Estonia is a prospering European destination

Estonia

With highly advanced technology, it meets all the needs of organisers, reports Roger St Pierre from Tallinn

Event organisers are finding exciting new opportunities in the newly independent Baltic states of the former Soviet Union. Estonia is one country that is reaping immense benefit. The increasing flow of business travellers has prompted Estonian Air to switch its London-Tallinn flights from Gatwick to London City from March 2013 in order to offer a three times a week service.

Visitors are amazed at how technically advanced Estonia has now become. Few Western European cities, let alone those in Eastern Europe, have such a sophisticated infrastructure. Meetings organisers can rest assured that everything they need to make a smooth running success is already in place in Tallinn – from first-class hotels and a wide choice of venues to quality catering and expert production and technical support.

You can still find pockets of grim Eastern-Bloc-style poverty, but tiny Estonia has done remarkably well from its Euro zone membership. There’s a boom in construction and general income and living standards have climbed steadily even while neighbouring economies have stagnated or even declined.

A self-proclaimed role as ‘Gateway to the West’ has enabled Tallinn to metamorphose from a sleepy and remote regional capital into a vibrant international hub, where it’s now as easy to find Japanese sushi, a pint of Guinness or an Italian pizza, as it is the potent local Vana Tallin Liköör. It’s a beautiful little city that’s also a key business hub, making it an attractive MICE destination.

With few natural resources, Estonia’s biggest asset is its people. It’s a country of just 1.36m that is closer in language and culture to Finland, just across the Baltic, than it is to its next-door neighbour, Russia.

Billing itself as ‘Where medieval meets modern’, Estonia embraces technology wholeheartedly. Its citizens carry an identity card that they can use to take care of multiple functions. In a country that has never had cheques, they can even use the card to vote, to pay for parking and to settle their income tax: ‘We’ve jumped straight from cash for everything to electronic banking,’ they’ll tell you proudly.

This is the country where Skype was invented; a place that can boast of 120 mobile phones per 100 head of population, while Wi-Fi is even available on buses and trains as well as in nearly every café and bar – yet you don’t have to venture far into the verdant and unspoilt countryside to encounter wolves and bears.

With a thousand-year history, Tallinn is a former Hanseatic League port with a strategically important location that led to Estonia being invaded and occupied many times down the centuries.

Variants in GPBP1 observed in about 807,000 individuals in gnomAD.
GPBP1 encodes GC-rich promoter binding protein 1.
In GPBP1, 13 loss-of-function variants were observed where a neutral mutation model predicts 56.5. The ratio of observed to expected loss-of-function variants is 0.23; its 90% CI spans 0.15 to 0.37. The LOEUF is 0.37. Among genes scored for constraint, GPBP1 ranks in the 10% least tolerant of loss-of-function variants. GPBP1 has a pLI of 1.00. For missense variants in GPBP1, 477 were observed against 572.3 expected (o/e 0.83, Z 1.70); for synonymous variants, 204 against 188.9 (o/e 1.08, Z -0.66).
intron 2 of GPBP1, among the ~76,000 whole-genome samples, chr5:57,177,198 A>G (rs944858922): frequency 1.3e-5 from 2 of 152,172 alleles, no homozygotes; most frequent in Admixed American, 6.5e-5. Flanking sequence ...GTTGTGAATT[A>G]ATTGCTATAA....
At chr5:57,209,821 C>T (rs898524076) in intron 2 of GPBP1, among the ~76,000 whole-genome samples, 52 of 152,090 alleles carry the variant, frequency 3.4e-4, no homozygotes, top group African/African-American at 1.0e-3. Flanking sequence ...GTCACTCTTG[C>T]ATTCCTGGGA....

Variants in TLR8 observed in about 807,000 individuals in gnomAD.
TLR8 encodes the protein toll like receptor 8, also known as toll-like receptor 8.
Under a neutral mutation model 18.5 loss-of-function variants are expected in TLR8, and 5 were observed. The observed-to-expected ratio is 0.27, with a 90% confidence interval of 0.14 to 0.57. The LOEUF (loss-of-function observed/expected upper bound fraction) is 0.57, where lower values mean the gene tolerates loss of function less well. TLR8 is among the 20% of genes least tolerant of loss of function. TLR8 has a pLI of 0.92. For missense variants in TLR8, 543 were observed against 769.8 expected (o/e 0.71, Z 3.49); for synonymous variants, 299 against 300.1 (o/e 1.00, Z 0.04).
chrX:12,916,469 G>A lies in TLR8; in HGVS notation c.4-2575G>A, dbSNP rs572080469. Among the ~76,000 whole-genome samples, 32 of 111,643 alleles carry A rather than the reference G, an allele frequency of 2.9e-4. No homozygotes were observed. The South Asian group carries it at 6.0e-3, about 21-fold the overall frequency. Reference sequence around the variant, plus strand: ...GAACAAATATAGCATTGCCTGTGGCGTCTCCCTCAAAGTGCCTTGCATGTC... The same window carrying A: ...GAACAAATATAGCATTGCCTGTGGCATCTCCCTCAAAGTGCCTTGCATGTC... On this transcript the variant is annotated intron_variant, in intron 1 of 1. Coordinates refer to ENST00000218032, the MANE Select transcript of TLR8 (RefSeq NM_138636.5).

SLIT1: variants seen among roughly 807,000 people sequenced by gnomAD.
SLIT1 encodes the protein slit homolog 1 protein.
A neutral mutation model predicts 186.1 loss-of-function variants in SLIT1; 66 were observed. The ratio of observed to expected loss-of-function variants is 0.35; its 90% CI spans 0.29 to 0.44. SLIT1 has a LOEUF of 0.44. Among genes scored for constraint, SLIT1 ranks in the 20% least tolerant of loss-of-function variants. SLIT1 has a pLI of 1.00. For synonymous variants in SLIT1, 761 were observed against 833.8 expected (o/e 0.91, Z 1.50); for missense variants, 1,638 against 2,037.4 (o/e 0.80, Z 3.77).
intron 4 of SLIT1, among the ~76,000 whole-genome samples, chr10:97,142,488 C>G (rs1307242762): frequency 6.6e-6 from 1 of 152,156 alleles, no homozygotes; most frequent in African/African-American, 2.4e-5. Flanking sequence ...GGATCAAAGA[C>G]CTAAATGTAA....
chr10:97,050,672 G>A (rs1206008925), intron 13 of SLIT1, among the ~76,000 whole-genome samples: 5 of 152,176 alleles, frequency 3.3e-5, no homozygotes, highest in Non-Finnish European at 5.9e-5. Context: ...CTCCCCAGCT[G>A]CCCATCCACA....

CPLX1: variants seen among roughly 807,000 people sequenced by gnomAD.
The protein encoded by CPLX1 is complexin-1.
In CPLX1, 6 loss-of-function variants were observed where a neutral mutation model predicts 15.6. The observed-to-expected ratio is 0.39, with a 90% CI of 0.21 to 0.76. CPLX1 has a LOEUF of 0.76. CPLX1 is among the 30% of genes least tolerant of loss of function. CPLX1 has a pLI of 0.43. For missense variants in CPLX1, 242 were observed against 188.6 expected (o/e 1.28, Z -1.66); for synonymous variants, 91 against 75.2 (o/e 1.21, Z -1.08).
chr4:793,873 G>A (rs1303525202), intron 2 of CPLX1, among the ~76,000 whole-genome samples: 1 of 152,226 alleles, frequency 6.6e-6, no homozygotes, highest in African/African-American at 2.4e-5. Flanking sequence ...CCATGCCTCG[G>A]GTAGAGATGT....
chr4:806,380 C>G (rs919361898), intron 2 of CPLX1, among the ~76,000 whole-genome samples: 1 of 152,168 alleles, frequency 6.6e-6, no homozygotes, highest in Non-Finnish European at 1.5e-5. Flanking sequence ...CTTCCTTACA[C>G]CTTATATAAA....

The current spell, from 1991, is the country’s longest ever period of self-determination. EU membership and NATO protection have brought a long-awaited sense of lasting security.

Tallinn’s prime visitor attraction is its romantic old town, set atop a wall-girdled hilltop overlooking the busy harbour. It’s something of an illusion however, as the area was flattened by a Soviet air raid in 1945 and was later painstakingly rebuilt.

Estonia
Latest attractions are guided tours of the bastion passages, the superb new Seaplane Harbour museum, which can serve as a venue and is complete with marine and aviation artefacts that include one of the first seaplanes and a full-sized former British submarine. And then there’s a fascinating visit to the old KGB spy listening room atop the famed Sokus Hotel Viru.

Soon to open as a venue next door is a former prison! And then there’s the viewing deck atop the 314m (over 1,000ft) high TV tower, which re-opened in April. It was originally built as part of the infrastructure for the 1980 Moscow Olympics.

More conventional are the purpose-built Saku-Suurhalli conference centre, whose imposing main hall can handle events for up to 7,200 theatre-style; the 1,830 capacity Solaris Tallinn which is one of the most modern conference halls in the Nordic countries; and the classic 19th C National Opera and the Estonia Concert Hall.

Events for 700 or less work well at such venues as Tallinn University of Technology, the beautiful hall at the Tallinn Spring Song Festival Grounds, the National Library, Tallinn University Conference Centre and the 18thC Teachers House of Tallinn.

Besides the Sokus Hotel Viru, with its 14 meetings spaces, conference orientated hotels in Tallinn include the Meriton Grand Conference & Spa Hotel, Radisson Blu Olümpia, the Swissotel Tallinn and the 267-room Nordic Hotel Forum.

Among major events staged in Tallinn recently have been the World Clean-up Conference, the International Conference on Cyber Conflict, the ETAPS International Conference and the German-Baltic Surgical Conference.

It’s a small city, easy to get around, but if you tire of city life, travel an hour out of town to the wonderful Vihula Manor Hotel & Spa, a haven of peace and tranquillity set beside an unspoilt national park. Like Estonia itself, this lovely property is a happy marriage of ancient tradition and cutting edge modernity – and it’s British run.

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